One day after a pair of non-profit groups released a report sounding an alarm about reverse mortgage-related foreclosures, the Department of Housing and Urban Development has responded — and a spokesman claims that the groups’ interpretation wasn’t necessarily correct.
“Based upon data we gave them, they put two and two together and get something other than four,” HUD public affairs specialist Brian Sullivan told RMD on Tuesday.
Sullivan was responding to a report from the California Reinvestment Coalition and Jacksonville (Fla.) Area Legal Aid, which claimed that nearly a quarter of non-borrowing spouses who sought help staying in their homes following the death of a reverse mortgage borrower don’t receive assistance. The groups based their conclusions on HUD data received through a Freedom of Information Act (FOIA) request.
But Sullivan claims that the groups simply misinterpreted the data’s meaning. The HUD numbers apply solely to applications for loan assignments under the “mortgagee optional election” (MOE), a program in which HUD pays the insurance claim but qualified non-borrowing spouses are allowed to remain in the home.
HUD and the Federal Housing Administration introduced this option in a 2015 mortgagee letter, with the MOE available for all Home Equity Conversion Mortgages with case numbers assigned prior to August 4, 2014.
“The data is just to signify the number of the assignments or requests for these assignments, as opposed to the number of borrowers being kicked to the curb,” Sullivan said.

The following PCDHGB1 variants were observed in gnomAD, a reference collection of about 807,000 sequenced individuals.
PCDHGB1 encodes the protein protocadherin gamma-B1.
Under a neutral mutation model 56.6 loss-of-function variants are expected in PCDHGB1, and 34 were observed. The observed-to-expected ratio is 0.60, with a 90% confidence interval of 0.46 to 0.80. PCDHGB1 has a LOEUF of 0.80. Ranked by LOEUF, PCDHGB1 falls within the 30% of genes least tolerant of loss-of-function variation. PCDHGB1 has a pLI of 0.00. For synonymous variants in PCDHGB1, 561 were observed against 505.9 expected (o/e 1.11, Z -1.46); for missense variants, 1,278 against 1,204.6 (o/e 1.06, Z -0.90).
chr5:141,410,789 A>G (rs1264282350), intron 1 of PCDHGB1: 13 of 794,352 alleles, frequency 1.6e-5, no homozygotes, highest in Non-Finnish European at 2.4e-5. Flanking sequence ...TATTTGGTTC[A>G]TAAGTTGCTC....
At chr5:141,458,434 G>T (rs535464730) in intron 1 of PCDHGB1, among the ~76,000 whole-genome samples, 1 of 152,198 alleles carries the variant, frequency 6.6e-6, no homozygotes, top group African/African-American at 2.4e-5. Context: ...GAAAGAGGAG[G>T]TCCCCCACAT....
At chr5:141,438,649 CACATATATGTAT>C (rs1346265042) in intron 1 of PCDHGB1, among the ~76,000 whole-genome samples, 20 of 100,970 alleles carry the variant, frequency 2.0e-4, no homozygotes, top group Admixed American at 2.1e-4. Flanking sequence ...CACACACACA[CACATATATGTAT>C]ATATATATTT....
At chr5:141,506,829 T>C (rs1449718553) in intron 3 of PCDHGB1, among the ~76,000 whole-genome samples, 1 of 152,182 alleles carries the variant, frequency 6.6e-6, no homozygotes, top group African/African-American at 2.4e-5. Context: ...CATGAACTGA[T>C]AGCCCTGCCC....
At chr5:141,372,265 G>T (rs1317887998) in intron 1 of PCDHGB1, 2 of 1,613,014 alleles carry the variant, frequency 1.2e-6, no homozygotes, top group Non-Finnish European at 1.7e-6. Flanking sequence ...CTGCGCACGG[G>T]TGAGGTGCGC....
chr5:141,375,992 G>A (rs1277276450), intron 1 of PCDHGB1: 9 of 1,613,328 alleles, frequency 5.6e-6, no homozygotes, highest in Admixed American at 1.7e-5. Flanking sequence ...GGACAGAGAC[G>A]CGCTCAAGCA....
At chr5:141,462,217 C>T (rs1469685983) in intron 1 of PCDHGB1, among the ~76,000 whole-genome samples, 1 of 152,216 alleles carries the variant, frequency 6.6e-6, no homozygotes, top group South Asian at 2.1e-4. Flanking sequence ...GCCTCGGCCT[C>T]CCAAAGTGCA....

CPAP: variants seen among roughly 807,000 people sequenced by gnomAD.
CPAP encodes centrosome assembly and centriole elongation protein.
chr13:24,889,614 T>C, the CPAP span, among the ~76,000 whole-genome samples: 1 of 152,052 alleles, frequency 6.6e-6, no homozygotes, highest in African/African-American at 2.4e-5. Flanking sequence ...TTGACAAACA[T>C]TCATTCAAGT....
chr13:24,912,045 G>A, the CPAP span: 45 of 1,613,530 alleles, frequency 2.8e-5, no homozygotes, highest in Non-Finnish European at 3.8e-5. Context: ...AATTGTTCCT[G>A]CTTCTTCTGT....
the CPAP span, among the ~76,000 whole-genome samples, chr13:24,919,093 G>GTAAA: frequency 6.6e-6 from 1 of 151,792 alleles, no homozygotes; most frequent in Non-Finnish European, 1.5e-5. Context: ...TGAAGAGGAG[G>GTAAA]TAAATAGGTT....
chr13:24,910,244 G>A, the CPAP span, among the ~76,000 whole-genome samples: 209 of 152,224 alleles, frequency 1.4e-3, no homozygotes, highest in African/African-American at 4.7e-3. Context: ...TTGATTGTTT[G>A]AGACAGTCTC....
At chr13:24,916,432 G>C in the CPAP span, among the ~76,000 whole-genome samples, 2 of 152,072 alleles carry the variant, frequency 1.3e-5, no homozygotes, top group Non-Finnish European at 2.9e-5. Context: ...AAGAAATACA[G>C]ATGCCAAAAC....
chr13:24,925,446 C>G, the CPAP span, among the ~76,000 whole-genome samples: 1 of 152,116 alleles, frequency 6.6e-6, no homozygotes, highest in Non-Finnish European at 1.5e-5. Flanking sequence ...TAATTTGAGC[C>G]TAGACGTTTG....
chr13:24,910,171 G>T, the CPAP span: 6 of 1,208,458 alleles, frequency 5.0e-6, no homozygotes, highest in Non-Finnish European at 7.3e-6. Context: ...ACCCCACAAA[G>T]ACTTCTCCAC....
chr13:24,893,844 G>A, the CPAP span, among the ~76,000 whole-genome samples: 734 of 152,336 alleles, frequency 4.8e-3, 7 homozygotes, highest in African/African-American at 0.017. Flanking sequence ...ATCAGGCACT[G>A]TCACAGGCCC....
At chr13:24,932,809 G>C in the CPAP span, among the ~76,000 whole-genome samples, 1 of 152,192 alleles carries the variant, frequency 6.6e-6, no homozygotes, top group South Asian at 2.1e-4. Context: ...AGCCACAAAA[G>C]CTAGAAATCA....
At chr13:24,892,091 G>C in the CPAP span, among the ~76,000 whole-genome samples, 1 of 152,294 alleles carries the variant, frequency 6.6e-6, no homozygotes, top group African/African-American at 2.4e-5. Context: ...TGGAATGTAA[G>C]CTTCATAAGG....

He also pushed back against the groups’ claims that HUD doesn’t offer sufficient guidelines on how servicers and lenders should handle non-borrowing spouse cases, pointing to the two mortgagee letters on the subject.
Sullivan emphasized that HUD must continue to balance the interest of protecting taxpayer money — by managing outlays from the Mutual Mortgage Insurance Fund — and protecting seniors, which informs its policy on non-borrowing spouses. He also noted that there remains the potential for non-borrowing spouses to potentially face eviction under the new rules — for instance, if they were delinquent in their taxes or married the borrower after he or she had already taken out the reverse mortgage.
As a result, it’s up to counselors to make sure they fully explain all the potential scenarios to prospective borrowers.
“That is why counseling is so critical in the origination of these mortgages,” he said. “People have got to understand what a reverse mortgage is.”
Written by Alex SpankoPrint Article